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7
Client Choice – International 2013
to lead that discussion. From the outset, you
want them to explain that a particular issue
can get extremely expensive and will be time
intensive, and that they are therefore prepared
to explore different options and make some
alternative suggestions.”
There would appear to be a simple lesson
here for those who still find billing a sticking point
– it could be time to shop around. Rosolinsky
also offers another telling insight: “I suspect that
these improvements are being delivered by those
partners who really understand the importance
of long-term relationships. You can tell that some
partners have really gone to battle with the
management structures at their firms and
demanded approval for certain compromises
in order to demonstrate commitment to the
maintenance of a key relationship.”
While there is clearly some disparity between
the levels of flexibility that firms are prepared to
offer when it comes to billing, there can surely
be no doubt as to the message sent by those
unprepared to brook compromise. “I want to
work with counsel who understand teamwork,”
confirms Rosolinsky. “This can be demonstrated
in many ways, but the most obvious way to
prove commitment is by demonstrating an
understanding that we are currently feeling some
pain. By showing that we are all in it together,
that they are prepared to feel some of that same
pain too, firms can show a long-term view.
After all, we are all hoping that there will be
better and more fruitful times ahead.”
There’s an app for that
Innovative companies demand innovative law
firms, so perhaps the real sweet spot for client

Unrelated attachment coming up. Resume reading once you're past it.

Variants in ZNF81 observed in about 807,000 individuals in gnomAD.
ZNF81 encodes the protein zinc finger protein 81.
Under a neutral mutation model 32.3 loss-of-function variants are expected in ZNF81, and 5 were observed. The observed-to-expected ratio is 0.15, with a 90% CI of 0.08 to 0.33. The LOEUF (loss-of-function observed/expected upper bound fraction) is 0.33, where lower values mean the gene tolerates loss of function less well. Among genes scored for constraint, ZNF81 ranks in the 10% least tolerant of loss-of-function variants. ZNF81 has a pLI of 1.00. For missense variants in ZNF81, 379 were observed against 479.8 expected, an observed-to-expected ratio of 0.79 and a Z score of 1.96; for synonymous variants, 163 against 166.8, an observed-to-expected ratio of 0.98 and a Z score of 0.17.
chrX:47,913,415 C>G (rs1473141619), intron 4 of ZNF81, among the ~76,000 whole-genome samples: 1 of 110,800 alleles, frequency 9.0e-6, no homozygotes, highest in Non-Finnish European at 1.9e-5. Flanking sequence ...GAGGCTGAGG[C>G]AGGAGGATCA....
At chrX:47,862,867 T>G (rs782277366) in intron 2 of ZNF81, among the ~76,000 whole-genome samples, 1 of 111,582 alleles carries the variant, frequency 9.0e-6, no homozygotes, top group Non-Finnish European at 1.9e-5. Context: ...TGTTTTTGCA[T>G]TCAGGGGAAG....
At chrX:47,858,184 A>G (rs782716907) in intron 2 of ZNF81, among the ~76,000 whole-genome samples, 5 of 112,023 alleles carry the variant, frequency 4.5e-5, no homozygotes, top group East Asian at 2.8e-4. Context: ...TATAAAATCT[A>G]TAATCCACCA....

service lies ahead of the curve. Unsurprisingly,
given her position at Google, for Capparelli it is
ingenuity from law firms that really gets her
excited. “For us, innovation and creativity in
problem solving is what we are really looking for.
We look for solutions and need firms that do the
same. We need advice that allows us to move
forward and do the things that we want to do.
To achieve that requires creativity.”
Meanwhile, Eichhorn cites improvements
in firms’ use of technology as among the most
significant advances he has observed during his
time with GE. “It is certainly becoming a more
important factor in the client service equation.
There is an iPhone app that calls your dawn
raid contact at the push of a button. There are
also apps that provide basic day-to-day advice.
I believe that firms are showing tremendous
willingness to develop their IT capabilities. There
are also reciprocal advantages in them sharing
their internal systems with clients – that is a
service which doesn’t cost them anything. They
have enormous resources that corporate legal
teams don’t have, particularly on the knowledge
management side. That is an area that corporate
legal teams, which are hugely constrained, can
benefit from hugely.”
But innovation is not only about keeping pace
with the latest shiny gadgets. After all, it was not
so long ago that email represented the last word
in high technology. That might seem like the dark
ages to today’s computer-savvy generation, but
some firms are still struggling to get to grips with
how to deliver just the right level of information
into clients’ bulging inboxes.
“I get a lot of emails,” sighs our anonymous
interviewee. “A lot of client alerts that firms
think would be relevant to me. The ones that
really matter – and that I genuinely appreciate
– usually begin with something like, ‘In light of
your policy on...’ or, ‘We have seen your
handbook and we would suggest an adjustment
to Article 9 because ...’ Basically, it has to be
tailored. This is also when the law firm gets the
most value out of the effort that they are
expending.”
“I want my outside counsel to demonstrate
that the relationship is about something more
substantial than simply the payment of the next
invoice,” he continues. “One of the ways that
firms can demonstrate this is by getting to know
who we are, how we work and what our strategic
goals are. This allows them to anticipate the
specific realities of our business terrain. When a
lawyer can send me an unprompted update
suggesting certain actions because they know
that these are consistent with the strategic goals
of our company, he has demonstrated a level of
understanding, knowledge and partnership that
is pretty extraordinary. That is the key to service.
That is the kind of innovation that really counts.”
Tom Gillett
Head of Research
Client Choice